Left to right: Andy Stuart of Norwegian Cruise Line, Vicki Freed of Royal Caribbean International, Dondra Ritzenthaler of Celebrity Cruises, Joni Rein of Carnival Cruise Line, Brian O'Connor of Princess Cruises, Ken Muskat of MSC Cruises and Charlie Dunwoody of Holland America Line. // All photos by Susan J. Young
That’s a question David Crooks, senior vice president of product and operations, World Travel Holdings, asked seven top cruise executives during a panel discussion at the CruiseOne and Cruises Inc. annual conference on Norwegian Breakaway this week.
Executives participating were Andy Stuart of Norwegian Cruise Line, Vicki Freed of Royal Caribbean International, Dondra Ritzenthaler of Celebrity Cruises, Joni Rein of Carnival Cruise Lines, Brian O’Connor of Princess Cruises, Ken Muskat of MSC Cruises and Charlie Dunwoody of Holland America Line.
David Crooks, SVP of product and operations, World Travel Holdings
CruiseOne and Cruises Inc. will do its best to sell more Caribbean capacity, but with so many ships coming back to North America, the concern Crooks has is: “At what price point? We want to make sure the price is as high as possible.”
Norwegian Cruise Line (www.ncl.com), which is hosting the conference onboard Norwegian Breakaway, has a 48 percent capacity increase looming for the Caribbean.
The line’s new Norwegian Getaway will begin sailing year-round in the Caribbean starting in January. It’s the largest ship ever home ported at Miami.
“We’re excited about the growth in the Caribbean,” said Stuart, noting that while it is a little bit challenging, it’s a good thing. In the past, Norwegian had a different type of challenge. “A lot of you forgot about us in the winter, because we weren’t there in the summer,” he said.
Now, that’s changed as the line builds a year-round presence from South Florida. The other plus? “That’s a lot of capacity that’s going to attract a lot of new consumers into the industry,” Stuart stressed.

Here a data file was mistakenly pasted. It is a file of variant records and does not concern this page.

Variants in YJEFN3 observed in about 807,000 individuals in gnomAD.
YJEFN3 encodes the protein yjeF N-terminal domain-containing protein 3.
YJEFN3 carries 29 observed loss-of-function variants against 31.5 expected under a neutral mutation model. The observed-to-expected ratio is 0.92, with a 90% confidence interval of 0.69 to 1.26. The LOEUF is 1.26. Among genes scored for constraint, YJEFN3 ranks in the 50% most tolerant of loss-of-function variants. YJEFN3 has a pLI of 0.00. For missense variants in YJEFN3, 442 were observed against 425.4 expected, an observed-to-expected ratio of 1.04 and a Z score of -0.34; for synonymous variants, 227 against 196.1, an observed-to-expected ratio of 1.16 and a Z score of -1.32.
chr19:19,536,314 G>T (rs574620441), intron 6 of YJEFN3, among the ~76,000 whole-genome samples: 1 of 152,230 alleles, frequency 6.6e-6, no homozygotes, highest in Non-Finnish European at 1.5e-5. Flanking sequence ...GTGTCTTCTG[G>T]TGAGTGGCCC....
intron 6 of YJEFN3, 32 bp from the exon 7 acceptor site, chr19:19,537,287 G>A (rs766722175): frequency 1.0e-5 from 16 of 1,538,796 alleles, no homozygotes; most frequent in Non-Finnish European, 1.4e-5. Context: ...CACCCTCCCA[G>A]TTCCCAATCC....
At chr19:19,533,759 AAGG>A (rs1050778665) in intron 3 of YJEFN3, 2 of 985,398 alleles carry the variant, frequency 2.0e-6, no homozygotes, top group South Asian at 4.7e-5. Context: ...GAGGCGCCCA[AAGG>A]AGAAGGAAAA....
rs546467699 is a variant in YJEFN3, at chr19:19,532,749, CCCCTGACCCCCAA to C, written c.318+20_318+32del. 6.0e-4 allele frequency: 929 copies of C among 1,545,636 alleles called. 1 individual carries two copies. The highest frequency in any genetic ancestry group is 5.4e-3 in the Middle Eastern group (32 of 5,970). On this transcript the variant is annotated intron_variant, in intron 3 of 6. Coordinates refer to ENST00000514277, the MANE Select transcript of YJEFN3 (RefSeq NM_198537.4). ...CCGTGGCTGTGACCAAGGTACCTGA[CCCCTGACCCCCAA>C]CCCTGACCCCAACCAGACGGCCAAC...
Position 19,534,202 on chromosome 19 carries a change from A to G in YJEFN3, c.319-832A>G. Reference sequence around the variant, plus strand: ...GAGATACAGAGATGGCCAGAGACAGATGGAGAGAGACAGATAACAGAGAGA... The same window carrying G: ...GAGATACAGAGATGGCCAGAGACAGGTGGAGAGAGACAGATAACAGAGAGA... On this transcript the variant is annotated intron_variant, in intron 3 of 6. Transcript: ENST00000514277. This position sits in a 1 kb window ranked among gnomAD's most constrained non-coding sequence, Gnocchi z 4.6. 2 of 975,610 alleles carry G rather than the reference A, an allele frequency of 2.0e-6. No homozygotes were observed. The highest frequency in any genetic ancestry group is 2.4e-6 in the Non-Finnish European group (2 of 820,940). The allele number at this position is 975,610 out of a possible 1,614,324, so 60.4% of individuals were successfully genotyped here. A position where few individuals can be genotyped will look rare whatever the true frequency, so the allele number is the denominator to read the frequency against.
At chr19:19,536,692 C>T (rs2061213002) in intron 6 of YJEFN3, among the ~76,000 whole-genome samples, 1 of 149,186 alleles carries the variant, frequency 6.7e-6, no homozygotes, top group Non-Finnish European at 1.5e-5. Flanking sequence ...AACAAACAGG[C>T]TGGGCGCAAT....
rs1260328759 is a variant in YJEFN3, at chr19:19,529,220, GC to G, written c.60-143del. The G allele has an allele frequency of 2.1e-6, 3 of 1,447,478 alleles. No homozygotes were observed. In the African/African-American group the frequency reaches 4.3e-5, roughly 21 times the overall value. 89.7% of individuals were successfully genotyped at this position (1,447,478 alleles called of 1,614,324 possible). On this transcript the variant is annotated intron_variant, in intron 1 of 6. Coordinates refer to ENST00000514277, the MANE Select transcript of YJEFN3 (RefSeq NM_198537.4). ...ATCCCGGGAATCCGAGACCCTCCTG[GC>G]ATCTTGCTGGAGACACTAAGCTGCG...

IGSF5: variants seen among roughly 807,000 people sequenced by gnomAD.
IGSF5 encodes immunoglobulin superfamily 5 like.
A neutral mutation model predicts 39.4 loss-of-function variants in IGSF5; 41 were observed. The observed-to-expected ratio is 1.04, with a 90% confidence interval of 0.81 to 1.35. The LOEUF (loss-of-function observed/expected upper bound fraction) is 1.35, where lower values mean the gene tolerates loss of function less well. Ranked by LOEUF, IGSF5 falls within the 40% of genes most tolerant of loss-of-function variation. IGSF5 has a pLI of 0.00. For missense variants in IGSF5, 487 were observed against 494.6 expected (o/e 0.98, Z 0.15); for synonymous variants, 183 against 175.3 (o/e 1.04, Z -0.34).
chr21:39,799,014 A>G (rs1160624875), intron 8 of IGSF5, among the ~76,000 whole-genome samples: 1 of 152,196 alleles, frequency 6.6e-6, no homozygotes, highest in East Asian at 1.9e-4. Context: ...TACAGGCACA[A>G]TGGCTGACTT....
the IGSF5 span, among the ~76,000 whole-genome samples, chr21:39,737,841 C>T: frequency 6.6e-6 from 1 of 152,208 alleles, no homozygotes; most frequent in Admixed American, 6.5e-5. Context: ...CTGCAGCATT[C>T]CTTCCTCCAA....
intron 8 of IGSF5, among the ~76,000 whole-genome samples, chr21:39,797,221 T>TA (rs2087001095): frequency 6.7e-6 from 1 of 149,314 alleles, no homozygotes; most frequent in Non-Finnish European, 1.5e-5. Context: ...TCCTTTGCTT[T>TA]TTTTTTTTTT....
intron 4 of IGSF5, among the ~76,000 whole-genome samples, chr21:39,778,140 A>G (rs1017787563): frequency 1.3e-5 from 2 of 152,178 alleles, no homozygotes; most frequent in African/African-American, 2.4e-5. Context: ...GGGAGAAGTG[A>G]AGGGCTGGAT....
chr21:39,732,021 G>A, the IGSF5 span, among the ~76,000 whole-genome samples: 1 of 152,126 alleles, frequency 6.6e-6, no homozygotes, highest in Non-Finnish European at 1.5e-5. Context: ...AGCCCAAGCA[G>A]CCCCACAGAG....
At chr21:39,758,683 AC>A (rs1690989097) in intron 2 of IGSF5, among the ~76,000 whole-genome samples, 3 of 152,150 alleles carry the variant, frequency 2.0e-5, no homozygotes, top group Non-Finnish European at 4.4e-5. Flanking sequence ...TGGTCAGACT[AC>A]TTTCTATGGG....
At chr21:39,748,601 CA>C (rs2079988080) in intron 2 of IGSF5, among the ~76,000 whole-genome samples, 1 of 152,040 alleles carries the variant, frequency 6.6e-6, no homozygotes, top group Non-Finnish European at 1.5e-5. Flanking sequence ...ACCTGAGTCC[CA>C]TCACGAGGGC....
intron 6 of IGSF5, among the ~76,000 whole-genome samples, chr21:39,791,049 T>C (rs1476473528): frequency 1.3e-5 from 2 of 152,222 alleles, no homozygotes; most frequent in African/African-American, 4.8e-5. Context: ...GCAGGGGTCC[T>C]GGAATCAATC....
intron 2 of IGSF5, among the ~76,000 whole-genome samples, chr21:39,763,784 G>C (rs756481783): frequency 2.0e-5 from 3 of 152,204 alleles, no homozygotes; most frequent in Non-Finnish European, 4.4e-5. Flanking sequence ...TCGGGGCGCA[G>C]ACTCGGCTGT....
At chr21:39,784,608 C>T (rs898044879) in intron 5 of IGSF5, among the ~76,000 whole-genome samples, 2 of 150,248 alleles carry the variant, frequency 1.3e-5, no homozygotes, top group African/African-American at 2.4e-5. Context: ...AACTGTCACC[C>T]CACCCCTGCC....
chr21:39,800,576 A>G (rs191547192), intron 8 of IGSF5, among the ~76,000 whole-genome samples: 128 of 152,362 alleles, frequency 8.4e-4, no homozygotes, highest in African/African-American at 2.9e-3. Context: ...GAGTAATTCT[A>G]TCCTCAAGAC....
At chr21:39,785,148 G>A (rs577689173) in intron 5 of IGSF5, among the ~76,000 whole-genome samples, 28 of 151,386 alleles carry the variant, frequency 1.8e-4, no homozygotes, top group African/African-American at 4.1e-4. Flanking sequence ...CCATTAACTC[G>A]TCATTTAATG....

He said Norwegian’s product is hugely different than it was just five years ago. It has many new ships, enhanced new destination experiences, and an upgraded private island in the Caribbean.
Crooks stressed to the panel that selling on price is onerous and “it’s diminished our role as travel agents.” How do lines avoid compromising pricing to fill ships?
Andy Stuart of Norwegian Cruise Line, Vicki Freed of Royal Caribbean International, Dondra Ritzenthaler of Celebrity Cruises and Joni Rein of Carnival Cruise Line
Gaining New Customers
Royal Caribbean’s Freed said agents should use growth as an opportunity to get more first time cruisers. “It’s so much more cost effective for people to take a Caribbean cruise,” she stressed. Royal Caribbean has new year-round service from Galveston, TX, for example.
With more ships now in U.S. home ports, “it keeps the drive market very active,” said Freed. “The Caribbean is a good way to introduce people to cruising.” She said Europe tends to cater to experienced cruisers.
For Royal Caribbean, people sail to the Caribbean, Alaska and then Europe, in that order, according to Freed. So agents should look at more Caribbean as a greater option for getting first timers, especially those people who are price sensitive to the cost of air tickets. With so many drive ports, they have many opportunities close to home.
Crooks acknowledged that CruiseOne and Crusies Inc. agents continually strive for first timers, but it’s a bit of a challenge. He said it’s important not to just shift share from market to market but rather to build a bigger base of clients.
Celebrity Cruises is one line that doesn’t have new ships in the pipeline; it’s completed delivery of five Solstice-class ships. Celebrity’s Ritzenthaler said while they’re not introducing more new ships in 2014, they’ll be maintaining their capacity in Europe.
“We are thrilled,” said Ritzenthaler, as while some lines are exiting Europe next summer, Celebrity will have six ships in the market and, for the first time, seven-night open jaw sailings that can be combined for seven, 14 or 21 days.